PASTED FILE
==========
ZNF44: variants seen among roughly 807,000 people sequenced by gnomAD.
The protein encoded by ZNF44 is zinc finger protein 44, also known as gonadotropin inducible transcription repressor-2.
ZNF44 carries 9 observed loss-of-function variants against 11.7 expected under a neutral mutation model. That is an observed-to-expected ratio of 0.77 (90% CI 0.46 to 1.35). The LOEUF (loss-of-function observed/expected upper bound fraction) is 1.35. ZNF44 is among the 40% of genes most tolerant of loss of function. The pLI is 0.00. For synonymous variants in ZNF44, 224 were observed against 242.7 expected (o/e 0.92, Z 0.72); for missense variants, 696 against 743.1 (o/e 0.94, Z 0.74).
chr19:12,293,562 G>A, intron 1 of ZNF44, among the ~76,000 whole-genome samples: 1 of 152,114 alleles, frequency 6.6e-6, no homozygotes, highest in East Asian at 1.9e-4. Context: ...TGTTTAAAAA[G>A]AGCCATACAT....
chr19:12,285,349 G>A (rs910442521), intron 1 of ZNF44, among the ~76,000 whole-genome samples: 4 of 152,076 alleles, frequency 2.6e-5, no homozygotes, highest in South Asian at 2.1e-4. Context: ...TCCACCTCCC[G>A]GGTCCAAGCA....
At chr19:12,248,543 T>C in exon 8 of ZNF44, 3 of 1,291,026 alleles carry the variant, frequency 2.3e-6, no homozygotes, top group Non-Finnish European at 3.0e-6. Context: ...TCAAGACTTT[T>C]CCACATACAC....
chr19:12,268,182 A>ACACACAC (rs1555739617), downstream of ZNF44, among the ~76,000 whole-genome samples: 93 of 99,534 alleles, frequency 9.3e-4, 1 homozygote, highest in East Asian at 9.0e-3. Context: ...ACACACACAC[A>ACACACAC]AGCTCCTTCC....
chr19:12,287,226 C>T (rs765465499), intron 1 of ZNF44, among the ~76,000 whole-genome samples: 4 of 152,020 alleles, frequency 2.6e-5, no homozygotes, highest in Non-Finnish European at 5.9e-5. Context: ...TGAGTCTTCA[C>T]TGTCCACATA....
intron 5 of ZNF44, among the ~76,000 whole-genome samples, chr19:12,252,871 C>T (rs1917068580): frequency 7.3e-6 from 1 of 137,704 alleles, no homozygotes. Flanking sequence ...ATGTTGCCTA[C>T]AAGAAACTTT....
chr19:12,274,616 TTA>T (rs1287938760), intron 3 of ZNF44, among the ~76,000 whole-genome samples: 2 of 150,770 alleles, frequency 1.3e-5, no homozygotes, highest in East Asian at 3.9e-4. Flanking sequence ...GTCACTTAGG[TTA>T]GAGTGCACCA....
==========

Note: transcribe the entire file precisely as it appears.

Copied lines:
ZNF44: variants seen among roughly 807,000 people sequenced by gnomAD.
The protein encoded by ZNF44 is zinc finger protein 44, also known as gonadotropin inducible transcription repressor-2.
ZNF44 carries 9 observed loss-of-function variants against 11.7 expected under a neutral mutation model. That is an observed-to-expected ratio of 0.77 (90% CI 0.46 to 1.35). The LOEUF (loss-of-function observed/expected upper bound fraction) is 1.35. ZNF44 is among the 40% of genes most tolerant of loss of function. The pLI is 0.00. For synonymous variants in ZNF44, 224 were observed against 242.7 expected (o/e 0.92, Z 0.72); for missense variants, 696 against 743.1 (o/e 0.94, Z 0.74).
chr19:12,293,562 G>A, intron 1 of ZNF44, among the ~76,000 whole-genome samples: 1 of 152,114 alleles, frequency 6.6e-6, no homozygotes, highest in East Asian at 1.9e-4. Context: ...TGTTTAAAAA[G>A]AGCCATACAT....
chr19:12,285,349 G>A (rs910442521), intron 1 of ZNF44, among the ~76,000 whole-genome samples: 4 of 152,076 alleles, frequency 2.6e-5, no homozygotes, highest in South Asian at 2.1e-4. Context: ...TCCACCTCCC[G>A]GGTCCAAGCA....
At chr19:12,248,543 T>C in exon 8 of ZNF44, 3 of 1,291,026 alleles carry the variant, frequency 2.3e-6, no homozygotes, top group Non-Finnish European at 3.0e-6. Context: ...TCAAGACTTT[T>C]CCACATACAC....
chr19:12,268,182 A>ACACACAC (rs1555739617), downstream of ZNF44, among the ~76,000 whole-genome samples: 93 of 99,534 alleles, frequency 9.3e-4, 1 homozygote, highest in East Asian at 9.0e-3. Context: ...ACACACACAC[A>ACACACAC]AGCTCCTTCC....
chr19:12,287,226 C>T (rs765465499), intron 1 of ZNF44, among the ~76,000 whole-genome samples: 4 of 152,020 alleles, frequency 2.6e-5, no homozygotes, highest in Non-Finnish European at 5.9e-5. Context: ...TGAGTCTTCA[C>T]TGTCCACATA....
intron 5 of ZNF44, among the ~76,000 whole-genome samples, chr19:12,252,871 C>T (rs1917068580): frequency 7.3e-6 from 1 of 137,704 alleles, no homozygotes. Flanking sequence ...ATGTTGCCTA[C>T]AAGAAACTTT....
chr19:12,274,616 TTA>T (rs1287938760), intron 3 of ZNF44, among the ~76,000 whole-genome samples: 2 of 150,770 alleles, frequency 1.3e-5, no homozygotes, highest in East Asian at 3.9e-4. Flanking sequence ...GTCACTTAGG[TTA>T]GAGTGCACCA....